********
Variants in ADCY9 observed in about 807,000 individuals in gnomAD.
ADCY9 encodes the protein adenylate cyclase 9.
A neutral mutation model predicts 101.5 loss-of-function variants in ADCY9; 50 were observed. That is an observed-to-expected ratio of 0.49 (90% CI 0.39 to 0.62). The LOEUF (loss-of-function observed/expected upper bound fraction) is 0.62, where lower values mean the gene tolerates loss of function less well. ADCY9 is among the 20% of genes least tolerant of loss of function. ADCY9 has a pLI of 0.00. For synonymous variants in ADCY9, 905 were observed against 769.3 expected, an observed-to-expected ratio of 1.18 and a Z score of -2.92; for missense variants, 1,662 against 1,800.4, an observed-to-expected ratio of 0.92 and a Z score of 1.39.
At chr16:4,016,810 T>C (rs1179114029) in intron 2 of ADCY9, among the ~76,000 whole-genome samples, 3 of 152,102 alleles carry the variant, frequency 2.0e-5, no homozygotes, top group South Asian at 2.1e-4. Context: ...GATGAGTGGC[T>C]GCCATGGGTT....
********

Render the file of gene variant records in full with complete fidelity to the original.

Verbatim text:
Variants in ADCY9 observed in about 807,000 individuals in gnomAD.
ADCY9 encodes the protein adenylate cyclase 9.
A neutral mutation model predicts 101.5 loss-of-function variants in ADCY9; 50 were observed. That is an observed-to-expected ratio of 0.49 (90% CI 0.39 to 0.62). The LOEUF (loss-of-function observed/expected upper bound fraction) is 0.62, where lower values mean the gene tolerates loss of function less well. ADCY9 is among the 20% of genes least tolerant of loss of function. ADCY9 has a pLI of 0.00. For synonymous variants in ADCY9, 905 were observed against 769.3 expected, an observed-to-expected ratio of 1.18 and a Z score of -2.92; for missense variants, 1,662 against 1,800.4, an observed-to-expected ratio of 0.92 and a Z score of 1.39.
At chr16:4,016,810 T>C (rs1179114029) in intron 2 of ADCY9, among the ~76,000 whole-genome samples, 3 of 152,102 alleles carry the variant, frequency 2.0e-5, no homozygotes, top group South Asian at 2.1e-4. Context: ...GATGAGTGGC[T>C]GCCATGGGTT....